There has been a concerted effort to establish a common set of knowledge and skills-based core competencies needed for health services researchers trained at the doctoral level. In 2005, several stakeholders participated in this conference, including training directors and students from T32 training programs, directors of the Council on Education for Public Health (CEPH)-accredited doctoral programs, and representatives from AcademyHealth, AHRQ, CEPH, and employers of health services researchers in both the public and private sector.34 The conference attendees reviewed a draft set of core competencies developed through an assessment of current literature, training grants funded by AHRQ, and accreditation materials from academic institutions that were submitted to CEPH. Drawing on Lohr and Steinwachs,35 health services research was defined as:
The multidisciplinary field of scientific investigation that studies how social factors, financing systems, organizational structures and processes, health technologies, and personal behaviors affect access to health care, the quality and cost of health care, and ultimately our health and well-being. Its research domains are individuals, families, organizations, institutions, communications, and populations.
The report recognizes that several disciplines, including "psychology, economics, anthropology, biomedicine, mathematics, political science, sociology, and management sciences" contribute to the health services research community, and this is reflected in the diversity of the training programs sponsored by AHRQ.34 Maintaining a balance between establishing a core set of standards across these training programs while continuing to support and enable innovation in training practices was a common concern of this effort. Those who receive doctoral degrees in health services research pursue careers in diverse settings including academic institutions, health care delivery systems, policy analysis organizations, and research institutes. However, as students enter these fields, they often lack a common identity about what it means to be a health services researcher and what skills and knowledge they are expected to demonstrate.34 Thus, the three primary goals of this effort are to:
- Assist program directors with developing and identifying the most important learning objectives for training students in health services research.
- Clarify for employers of graduates of health services research training programs what the skills and abilities are for individuals in health services research.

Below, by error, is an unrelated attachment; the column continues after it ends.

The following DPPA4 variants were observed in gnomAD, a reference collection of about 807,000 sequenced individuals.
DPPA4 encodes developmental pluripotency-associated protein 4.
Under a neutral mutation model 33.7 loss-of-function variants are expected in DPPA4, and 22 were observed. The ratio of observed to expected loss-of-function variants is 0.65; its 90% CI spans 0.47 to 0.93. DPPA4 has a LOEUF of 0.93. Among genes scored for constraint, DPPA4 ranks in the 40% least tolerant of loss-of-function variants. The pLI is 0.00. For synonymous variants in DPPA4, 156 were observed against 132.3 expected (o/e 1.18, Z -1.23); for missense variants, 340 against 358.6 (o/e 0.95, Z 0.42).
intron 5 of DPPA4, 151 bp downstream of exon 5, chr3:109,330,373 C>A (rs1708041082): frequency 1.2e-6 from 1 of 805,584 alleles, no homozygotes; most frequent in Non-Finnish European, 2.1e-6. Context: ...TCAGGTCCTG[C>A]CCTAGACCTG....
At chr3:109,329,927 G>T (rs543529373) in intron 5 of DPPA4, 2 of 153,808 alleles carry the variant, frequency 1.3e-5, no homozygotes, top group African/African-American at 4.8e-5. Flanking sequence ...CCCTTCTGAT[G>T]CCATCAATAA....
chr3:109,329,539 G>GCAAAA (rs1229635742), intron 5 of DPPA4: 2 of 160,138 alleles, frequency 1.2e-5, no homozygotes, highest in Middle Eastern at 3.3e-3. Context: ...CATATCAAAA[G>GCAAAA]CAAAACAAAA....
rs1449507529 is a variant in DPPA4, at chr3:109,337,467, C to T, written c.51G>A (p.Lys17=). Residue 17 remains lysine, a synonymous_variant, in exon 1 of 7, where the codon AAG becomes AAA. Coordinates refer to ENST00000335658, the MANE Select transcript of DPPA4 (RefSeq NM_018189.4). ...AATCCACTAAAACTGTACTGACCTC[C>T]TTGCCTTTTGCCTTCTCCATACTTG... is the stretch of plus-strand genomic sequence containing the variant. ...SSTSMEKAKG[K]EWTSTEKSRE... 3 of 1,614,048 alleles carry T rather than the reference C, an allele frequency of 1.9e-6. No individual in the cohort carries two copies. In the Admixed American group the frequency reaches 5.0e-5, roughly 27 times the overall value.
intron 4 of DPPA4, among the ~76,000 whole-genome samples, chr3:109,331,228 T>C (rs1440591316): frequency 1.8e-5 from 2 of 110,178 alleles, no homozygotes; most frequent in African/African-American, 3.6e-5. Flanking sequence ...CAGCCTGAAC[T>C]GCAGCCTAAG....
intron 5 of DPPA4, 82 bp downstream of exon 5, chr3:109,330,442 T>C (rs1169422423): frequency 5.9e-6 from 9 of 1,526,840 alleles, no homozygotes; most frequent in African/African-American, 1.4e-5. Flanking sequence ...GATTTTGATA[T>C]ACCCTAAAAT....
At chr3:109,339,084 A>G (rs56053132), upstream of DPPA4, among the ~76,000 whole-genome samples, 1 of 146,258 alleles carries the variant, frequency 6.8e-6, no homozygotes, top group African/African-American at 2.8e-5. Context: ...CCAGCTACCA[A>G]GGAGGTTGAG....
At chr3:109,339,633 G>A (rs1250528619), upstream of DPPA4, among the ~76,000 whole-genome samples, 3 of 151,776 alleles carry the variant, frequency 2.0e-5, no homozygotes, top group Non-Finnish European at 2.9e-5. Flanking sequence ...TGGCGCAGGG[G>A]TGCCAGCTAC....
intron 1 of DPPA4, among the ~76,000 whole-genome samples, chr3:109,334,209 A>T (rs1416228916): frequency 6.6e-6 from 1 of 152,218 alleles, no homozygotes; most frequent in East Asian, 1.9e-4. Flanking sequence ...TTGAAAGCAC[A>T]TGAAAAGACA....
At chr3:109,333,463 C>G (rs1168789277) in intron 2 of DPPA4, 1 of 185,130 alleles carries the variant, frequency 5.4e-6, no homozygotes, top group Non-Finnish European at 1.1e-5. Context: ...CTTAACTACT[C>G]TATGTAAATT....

- Give health services research trainees a unique professional identity.
As a result of the conference, 14 health services research doctoral core competencies were established, based on a consensus of conference participants, and later published for dissemination purposes.36 The 14 core competencies as defined through this conference are included in Appendix E. The core competencies that resulted from this first effort were termed Version 1.34 To continue this effort, another conference was held to revisit the doctoral level core competencies, assess the extent to which programs used the competencies, and develop a revised set of core competencies.37 The result was a revised set of 11 HSR doctoral competencies (Version 2) as outlined in Table 1.
An important aspect of this initiative was to work to standardize the core knowledge and skills, yet at the same time encourage flexibility and innovation across the diverse training programs in health services research. Perhaps this could be one way that an AHRQ Learning Collaborative could support this effort, facilitating more sharing of innovative practices across programs, while at the same time valuing the diversity of training experiences that this field has to offer. In addition, a task of the AHRQ Learning Collaborative could be encouraging training programs to build on these core competencies across programs by refining the core competencies and establishing new ones for clinical and research postdoctoral trainees. Furthermore, core competencies could be developed in specific areas of health services research, such as comparative effectiveness research. These efforts could be one example of smaller collaborative efforts that take place within the larger AHRQ Learning Collaborative community. The result of these and similar initiatives could be increased awareness of health services research as a profession and a better defined identity for the health services research community.